To be honest, I don't know to what extent this is a result of our training or whether it is a characteristic of those seeking academic careers. I'm sure there is research on that, but I'm too lazy to look for it.

The study Linguistics brings together a number of different ways of thinking and specific knowledge that can really be helpful when dealing with information security. First of all, we, like Computer Scientists, spend a lot of time developing formal methods for representing and manipulating information. Some of the specific notions overlap. The Chomsky Hierarchy (important theorems in Formal Language Theory and Automata theories) are things that I learned about studying Linguistics. I learned lambda calculus as an undergraduate as part studying the relationship between natural language syntax and semantics.

But more important than those sorts of overlapping skills, we learn to think rigourously and carefully about a very human activity. Linguistics is, to some extent, a cognitive science. This latter point has been enormous help in thinking about usable security. What sorts of mental models will people construct about the systems that they interact with, and where those mental models don't match the underlying reality, are those mismatches likely to them astray in ways that go against their own security and privacy interests?

Linguistics is also very closely tied to Anthropology. Learning to understand how systems differ and how the same construct can play different roles in different systems helps avoid errors. It also helps me understand that risks of taking something that works in one system and dropping it into another.

Linguistics is also about interaction among agents. Sure, I talk to myself, but we are really trying to reverse engineer communication protocols. Different parties have different motive and different information states when talking to each other. This does not mean that the mechanims for one domain can be directly applied to the other, but we get a layer of abstraction that allows us to think clearly about each.

Again, my career path is a series of accidents, and it isn't going to be something replicable. But I do advocate trying to bring in people with the linguist's way of thinking into information security.
CharlotteWiggins
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CharlotteWiggins,
User Rank: Apprentice
11/27/2019 | 8:02:29 AM
Re: Add Anthropology to the list
Big thumbs up to you Curtis!
toonces
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toonces,
User Rank: Apprentice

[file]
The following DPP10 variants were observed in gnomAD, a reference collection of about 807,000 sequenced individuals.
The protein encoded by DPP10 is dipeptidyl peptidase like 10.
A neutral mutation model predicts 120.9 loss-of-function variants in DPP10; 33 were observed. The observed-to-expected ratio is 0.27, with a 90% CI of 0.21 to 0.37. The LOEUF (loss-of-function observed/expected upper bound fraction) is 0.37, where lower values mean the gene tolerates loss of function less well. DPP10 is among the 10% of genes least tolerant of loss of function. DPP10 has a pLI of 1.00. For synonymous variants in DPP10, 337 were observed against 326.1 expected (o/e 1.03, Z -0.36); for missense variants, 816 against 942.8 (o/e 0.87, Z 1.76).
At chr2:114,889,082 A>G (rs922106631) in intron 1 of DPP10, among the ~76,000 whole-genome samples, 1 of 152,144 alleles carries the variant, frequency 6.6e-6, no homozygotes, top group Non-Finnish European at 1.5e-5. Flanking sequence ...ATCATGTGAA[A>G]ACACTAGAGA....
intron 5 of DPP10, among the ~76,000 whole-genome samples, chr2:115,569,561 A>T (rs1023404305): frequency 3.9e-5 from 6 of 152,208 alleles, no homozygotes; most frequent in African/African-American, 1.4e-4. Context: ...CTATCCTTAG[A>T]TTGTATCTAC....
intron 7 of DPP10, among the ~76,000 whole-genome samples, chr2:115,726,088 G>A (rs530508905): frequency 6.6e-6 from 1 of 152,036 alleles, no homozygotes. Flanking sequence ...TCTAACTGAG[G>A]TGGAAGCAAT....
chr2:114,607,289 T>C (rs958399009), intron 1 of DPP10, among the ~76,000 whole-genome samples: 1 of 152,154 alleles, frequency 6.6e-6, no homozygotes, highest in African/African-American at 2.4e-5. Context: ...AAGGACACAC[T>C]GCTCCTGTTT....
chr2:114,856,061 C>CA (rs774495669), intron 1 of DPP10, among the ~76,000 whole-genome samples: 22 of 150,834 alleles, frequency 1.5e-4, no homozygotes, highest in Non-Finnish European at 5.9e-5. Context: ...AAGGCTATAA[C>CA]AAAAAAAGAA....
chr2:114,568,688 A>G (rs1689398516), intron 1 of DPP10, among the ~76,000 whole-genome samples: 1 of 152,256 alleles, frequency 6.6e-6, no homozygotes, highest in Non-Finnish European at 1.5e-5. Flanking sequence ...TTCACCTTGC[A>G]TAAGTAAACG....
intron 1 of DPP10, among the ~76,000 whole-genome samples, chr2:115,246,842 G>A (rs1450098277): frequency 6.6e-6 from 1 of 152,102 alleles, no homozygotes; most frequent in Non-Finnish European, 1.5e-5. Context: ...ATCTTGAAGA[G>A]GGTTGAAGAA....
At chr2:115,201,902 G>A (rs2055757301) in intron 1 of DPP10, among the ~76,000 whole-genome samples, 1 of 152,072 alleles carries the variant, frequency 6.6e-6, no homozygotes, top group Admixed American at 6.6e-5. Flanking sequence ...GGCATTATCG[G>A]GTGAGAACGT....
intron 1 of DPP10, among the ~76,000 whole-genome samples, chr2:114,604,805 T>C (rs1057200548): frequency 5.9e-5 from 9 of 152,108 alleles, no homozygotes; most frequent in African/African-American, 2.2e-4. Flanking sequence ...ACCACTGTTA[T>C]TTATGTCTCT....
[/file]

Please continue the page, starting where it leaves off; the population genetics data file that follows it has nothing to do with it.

11/22/2019 | 7:36:05 PM
Hmm. Statistics, or theory?
Did the '6 Top Nontechnical Degrees' make the list based on people working in cybersecurity now? My hunch is it's more an opinion piece encouraging companies to consider outsiders.

It's a good read regardless, but I've seen precious few job postings without a particular degree requirement, and one or more popular & expensive certs.
Curt Franklin
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Curt Franklin,
User Rank: Author
11/22/2019 | 1:20:37 PM
Re: Add Anthropology to the list
I agree that anthopology could be a great "gateway degree" for cybersecurity. I think that the key, when discussing any of the "soft sciences" or even the traditional liberal arts, is a rigorous academic program. If the student learns to do research, think critically, and communicate well, then they'll be likely to have the tools required to succeed in cybersecurity.

Thanks for taking the time to comment -- I was hoping this would generate some good discussion on majors and degrees!
afpjr
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afpjr,
User Rank: Apprentice
11/22/2019 | 8:00:20 AM
Add Anthropology to the list
Although closely related to Sociology (my minor) as and Anthropology major, I learned to assess and understand other cultures, how to identify and address personal biases when interacting with individuals of a different cultural background, and how to study and document other cultures as objectively as possible.

IMHO, this has direct application when vetting threat intel and researching adversaries. It has helped me bridge the gap between various cultures or silos within an enterprise. It has taught me to understand the different motivations behind attackers, and (sometimes) how to set the bar high enough to encourage them to look elsewhere for their "resources".

Gaming and e-sports teams, social media tribes, corporate entites and nations/states all can be viewed through the lens of an anthropologist to glean greater understanding of the realities we face in cybersecurity today. Over 20 years in the rearview, and my undergrad experience is still relevant, even in this quickly changing environment we work in.